Canadian sentenced for planned terrorist attacks

Adel Mohamed Nagi Arnaout, nicknamed the Vendetta bomber, was sentenced to an indefinite prison term on Wednesday in Ontario, Canada, for planned terrorist acts, including attempted poisonings, letter bombings and exploding packages.

Ontario Superior Court Judge Todd Ducharme pronounced Arnaout to be a dangerous offender with little hope for rehabilitation. Arnaout was arrested in 2007 as police found evidence that he had searched for tips on purchasing detonators, grenades, and biological and chemical weapons such as anthrax and sarin, the Globe and Mail reports.

"I found that his intent was to kill his targets," Ducharme said, according to the Globe and Mail. "Judged from the perspective of his intent, his actions closely resemble acts of terrorism but for the non-political, utterly banal nature of his cause. If Mr. Arnaout had been more competent, the results of his actions could have been truly horrific."

Arnaout created a list of 452 targets that included jails, courthouses, Jewish schools and government officials.

"Mr. Arnaout has a greatly magnified sense of his own victimhood," Ducharme said, according to the Globe and Mail. "He blames others for problems that either do not exist or that he has brought on himself. This is accompanied by a sense that he is entitled to avenge himself no matter how minor the original slight."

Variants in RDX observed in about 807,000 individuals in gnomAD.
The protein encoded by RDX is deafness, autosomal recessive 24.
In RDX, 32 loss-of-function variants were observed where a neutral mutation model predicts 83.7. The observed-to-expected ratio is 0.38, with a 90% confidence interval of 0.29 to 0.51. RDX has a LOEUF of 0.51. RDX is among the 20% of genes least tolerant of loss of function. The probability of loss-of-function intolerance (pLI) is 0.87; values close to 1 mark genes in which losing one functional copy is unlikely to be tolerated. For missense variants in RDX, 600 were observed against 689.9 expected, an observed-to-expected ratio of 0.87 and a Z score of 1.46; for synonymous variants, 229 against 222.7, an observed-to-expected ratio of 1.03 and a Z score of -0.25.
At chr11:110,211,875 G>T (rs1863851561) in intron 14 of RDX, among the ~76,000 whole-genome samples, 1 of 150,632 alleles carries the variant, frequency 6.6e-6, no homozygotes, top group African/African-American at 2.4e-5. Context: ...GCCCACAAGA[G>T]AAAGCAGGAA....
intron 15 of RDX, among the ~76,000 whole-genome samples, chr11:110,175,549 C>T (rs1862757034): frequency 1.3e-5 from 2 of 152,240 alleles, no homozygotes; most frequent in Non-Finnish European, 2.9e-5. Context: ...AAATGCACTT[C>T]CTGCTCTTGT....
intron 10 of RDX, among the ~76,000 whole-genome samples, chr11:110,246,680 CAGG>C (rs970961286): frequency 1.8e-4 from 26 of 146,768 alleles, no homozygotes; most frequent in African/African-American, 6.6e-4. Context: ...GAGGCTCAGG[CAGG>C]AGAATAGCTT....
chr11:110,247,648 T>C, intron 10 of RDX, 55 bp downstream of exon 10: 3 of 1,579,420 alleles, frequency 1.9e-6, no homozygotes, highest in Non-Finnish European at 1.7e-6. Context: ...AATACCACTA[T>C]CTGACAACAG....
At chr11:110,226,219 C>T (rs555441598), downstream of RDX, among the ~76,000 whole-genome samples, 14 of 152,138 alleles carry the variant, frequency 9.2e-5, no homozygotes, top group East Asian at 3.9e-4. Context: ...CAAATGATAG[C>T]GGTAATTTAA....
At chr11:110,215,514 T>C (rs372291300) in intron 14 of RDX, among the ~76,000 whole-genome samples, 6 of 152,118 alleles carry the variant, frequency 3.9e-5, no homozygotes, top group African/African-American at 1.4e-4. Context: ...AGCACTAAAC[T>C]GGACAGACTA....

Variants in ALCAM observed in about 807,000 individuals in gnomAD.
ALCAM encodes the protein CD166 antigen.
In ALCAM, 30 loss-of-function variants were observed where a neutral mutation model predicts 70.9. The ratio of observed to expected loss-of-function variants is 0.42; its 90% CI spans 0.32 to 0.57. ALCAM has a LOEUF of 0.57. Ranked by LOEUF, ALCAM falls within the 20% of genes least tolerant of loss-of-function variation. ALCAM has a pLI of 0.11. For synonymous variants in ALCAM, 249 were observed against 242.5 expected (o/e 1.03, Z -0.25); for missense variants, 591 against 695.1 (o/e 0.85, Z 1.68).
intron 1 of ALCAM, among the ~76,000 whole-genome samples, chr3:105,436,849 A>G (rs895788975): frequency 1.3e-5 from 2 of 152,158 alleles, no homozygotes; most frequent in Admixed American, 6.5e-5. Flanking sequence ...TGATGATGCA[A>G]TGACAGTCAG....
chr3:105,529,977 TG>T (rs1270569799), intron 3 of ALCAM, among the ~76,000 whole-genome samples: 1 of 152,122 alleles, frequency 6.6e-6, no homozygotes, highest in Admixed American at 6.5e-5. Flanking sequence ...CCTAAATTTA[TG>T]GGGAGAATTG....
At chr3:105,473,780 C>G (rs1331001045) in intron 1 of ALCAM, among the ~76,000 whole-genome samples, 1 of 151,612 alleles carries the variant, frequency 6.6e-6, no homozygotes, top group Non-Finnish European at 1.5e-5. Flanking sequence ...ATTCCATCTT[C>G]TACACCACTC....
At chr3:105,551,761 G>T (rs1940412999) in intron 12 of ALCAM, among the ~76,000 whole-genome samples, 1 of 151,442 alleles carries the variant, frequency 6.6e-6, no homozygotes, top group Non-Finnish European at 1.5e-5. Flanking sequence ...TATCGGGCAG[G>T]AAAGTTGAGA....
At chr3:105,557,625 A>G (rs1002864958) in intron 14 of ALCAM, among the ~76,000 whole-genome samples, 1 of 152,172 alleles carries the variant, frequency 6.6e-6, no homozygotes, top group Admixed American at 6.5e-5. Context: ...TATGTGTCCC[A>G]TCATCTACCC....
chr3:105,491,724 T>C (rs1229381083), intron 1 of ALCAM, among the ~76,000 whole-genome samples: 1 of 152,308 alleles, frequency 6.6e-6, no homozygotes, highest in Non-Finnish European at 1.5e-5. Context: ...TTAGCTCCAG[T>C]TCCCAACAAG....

Police were convinced that Arnaout was serious about his plans and had tested some of his explosives on stuffed animals and dolls. Ducharme convicted Arnaout of 11 counts of attempted murder, three counts of delivering an explosive device and one count of possessing an explosive device.

"He lacks any remorse or guilt for his actions," Ducharme said, according to the Globe and Mail. "Indeed, he seems to believe that his actions were justified. Such a stunning lack of insight raises a very real concern about Mr. Arnaout engaging in similar activities in future."